An Interview with Brand Bubblist John Gerzema

John Gerzema
Contributor: John Gerzema
Posted: 06/04/2009

According to branding phenomenon John Gerzema, author of The Brand Bubble, the best brands today communicate excitement, dynamism and creativity. So what do Pixar, Wikipedia, Adidas and the iPhone have that other brands don’t? We asked Gerzema how he collected and analyzed the data to compile a chart of the highest performing brands today. What he found was sobering: The amount of trust consumers place in a brand today is a ghost of what it was more than 10 years ago. In this interview we find out why Pixar is sparkling and Bank of America is sinking, and learn how marketers can understand today's sophisticated consumer.

In your book you have a graph "The Universe of Brand Performance" where you highlight some of the leading brands. You must have done extensive research to get this data together. What was the data collection process like and what surprising facts did you discover?

We went through a very rigorous process to reach our conclusions. Working with professors from leading business schools, we spent two years examining over 10 years of data from BrandAsset Valuator, the world's largest study of consumer perceptions on brands. And we found that while brand value had increased by over 80 percent in three decades, the number of high-performance value-creating brands was diminishing across the board. Across 2,500 brands in our survey, brand awareness declined 20 percent, brand esteem was down 12 percent, perceptions of brand quality eroded by 24 percent, while trust in brands declined by a staggering 50 percent.

Then we realized that almost 80 percent of brands in our study were not gaining in differentiation. And of those that were not simply standing still were twice as likely to be in decline. How could brand values be increasing? This told us that Main Street had a far different view than Wall Street and not all brands were creating superior value for their firms as business was lead to believe.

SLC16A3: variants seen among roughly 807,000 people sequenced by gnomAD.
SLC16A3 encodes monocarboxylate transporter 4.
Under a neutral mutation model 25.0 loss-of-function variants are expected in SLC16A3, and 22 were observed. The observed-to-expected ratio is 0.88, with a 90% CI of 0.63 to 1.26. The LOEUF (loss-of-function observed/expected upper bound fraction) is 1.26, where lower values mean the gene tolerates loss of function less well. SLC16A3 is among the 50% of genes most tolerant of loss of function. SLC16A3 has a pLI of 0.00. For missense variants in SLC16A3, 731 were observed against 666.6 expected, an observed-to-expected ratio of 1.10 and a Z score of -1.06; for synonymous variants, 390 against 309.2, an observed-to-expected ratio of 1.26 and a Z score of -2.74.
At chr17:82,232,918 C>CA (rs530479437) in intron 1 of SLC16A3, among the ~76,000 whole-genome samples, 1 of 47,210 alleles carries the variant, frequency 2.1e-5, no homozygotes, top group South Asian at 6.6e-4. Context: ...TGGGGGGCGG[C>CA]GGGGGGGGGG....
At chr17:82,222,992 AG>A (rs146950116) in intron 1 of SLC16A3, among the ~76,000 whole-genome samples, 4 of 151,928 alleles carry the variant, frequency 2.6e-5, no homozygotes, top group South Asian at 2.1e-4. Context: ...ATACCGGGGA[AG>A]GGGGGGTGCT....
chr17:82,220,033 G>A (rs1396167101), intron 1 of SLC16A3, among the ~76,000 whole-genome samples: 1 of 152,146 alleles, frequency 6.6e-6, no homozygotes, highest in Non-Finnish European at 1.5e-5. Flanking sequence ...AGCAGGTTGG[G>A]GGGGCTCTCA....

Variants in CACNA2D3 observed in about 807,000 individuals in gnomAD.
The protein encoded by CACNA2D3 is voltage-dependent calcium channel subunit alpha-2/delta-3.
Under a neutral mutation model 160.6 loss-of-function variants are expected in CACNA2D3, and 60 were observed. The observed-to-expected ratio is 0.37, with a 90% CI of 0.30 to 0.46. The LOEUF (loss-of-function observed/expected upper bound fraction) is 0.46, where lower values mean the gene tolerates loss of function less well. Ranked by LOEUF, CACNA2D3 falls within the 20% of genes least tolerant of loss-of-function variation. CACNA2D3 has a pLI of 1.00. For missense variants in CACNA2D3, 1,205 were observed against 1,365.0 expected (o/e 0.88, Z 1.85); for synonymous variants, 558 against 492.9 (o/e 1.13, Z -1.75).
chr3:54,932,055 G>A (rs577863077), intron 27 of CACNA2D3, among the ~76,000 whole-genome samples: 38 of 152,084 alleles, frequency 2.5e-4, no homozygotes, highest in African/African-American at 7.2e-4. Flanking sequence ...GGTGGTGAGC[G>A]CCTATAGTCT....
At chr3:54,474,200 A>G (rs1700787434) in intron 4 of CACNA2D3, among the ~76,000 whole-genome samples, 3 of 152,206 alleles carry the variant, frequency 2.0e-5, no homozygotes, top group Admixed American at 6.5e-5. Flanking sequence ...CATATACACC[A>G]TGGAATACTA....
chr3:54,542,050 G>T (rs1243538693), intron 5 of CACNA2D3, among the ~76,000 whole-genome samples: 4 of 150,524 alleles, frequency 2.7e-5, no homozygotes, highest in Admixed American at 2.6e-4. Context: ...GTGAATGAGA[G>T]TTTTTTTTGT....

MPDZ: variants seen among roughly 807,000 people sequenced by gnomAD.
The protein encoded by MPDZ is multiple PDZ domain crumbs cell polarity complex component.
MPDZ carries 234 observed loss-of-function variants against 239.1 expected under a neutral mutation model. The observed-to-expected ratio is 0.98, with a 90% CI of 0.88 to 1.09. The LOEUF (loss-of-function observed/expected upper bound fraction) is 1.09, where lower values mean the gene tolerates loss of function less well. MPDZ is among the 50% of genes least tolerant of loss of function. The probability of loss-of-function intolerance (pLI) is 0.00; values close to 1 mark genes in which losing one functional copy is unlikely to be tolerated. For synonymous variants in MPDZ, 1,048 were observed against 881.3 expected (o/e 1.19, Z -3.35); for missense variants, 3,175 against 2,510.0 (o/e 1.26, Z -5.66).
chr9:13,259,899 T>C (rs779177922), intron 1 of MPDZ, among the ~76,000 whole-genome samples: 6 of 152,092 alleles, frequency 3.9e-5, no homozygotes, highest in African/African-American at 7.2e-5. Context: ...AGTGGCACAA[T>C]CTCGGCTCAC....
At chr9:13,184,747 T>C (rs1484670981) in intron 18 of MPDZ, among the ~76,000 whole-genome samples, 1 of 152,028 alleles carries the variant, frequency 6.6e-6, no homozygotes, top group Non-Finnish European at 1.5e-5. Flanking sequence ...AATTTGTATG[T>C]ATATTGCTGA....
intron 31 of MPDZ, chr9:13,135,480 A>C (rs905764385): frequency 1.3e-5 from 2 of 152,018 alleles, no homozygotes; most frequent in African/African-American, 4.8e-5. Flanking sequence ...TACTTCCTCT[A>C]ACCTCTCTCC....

You've said there is a new raised consumer’s creativity quotient. What is the creativity quotient and what is the result of what you termed the "democratization of creativity"?

I think if you look at the world today, you obviously have a very sophisticated consumer. We’ve been saying for 15 years they’re hip to marketing, can see through a strategy and understand when they’re being sold. They became even more discriminating earlier in this decade, witness the masstige movement and our cultural appreciation for design. And now our cultural appetite for creativity is expanding for two reasons.

One, because content is accessible 24/7 with the advent of social media, search, data storage, mobile media and other disruptive media platforms like Twitter and Hulu. Secondly, we have more creative brands and innovation in more places in our life. We have interesting brands like Geico in Car Insurance, Virgin Atlantic in airlines and Kogi in ‘mobile fast food’. All of this is stimulating and makes us want more beauty in our life.

You write that marketers are "skipping along happily stressing reason over emotion and persuasion over inspiration, still believing that customers can be programmed to form lifelong relationships and that brands can forever maintain their intangible elixir of attraction and cachet." Why is this problematic, and how/why do marketers need to wake up?

The new reality is that brands will have to think in new ways and work much harder to be different and special in an increasingly commoditized world. Yet the traditional business models and strategies marketers have used for generations no longer work. Their failure stems from the birth of a fundamentally different consumer, whose behavior has changed so rapidly and so profoundly it requires an entirely new vision of brand management.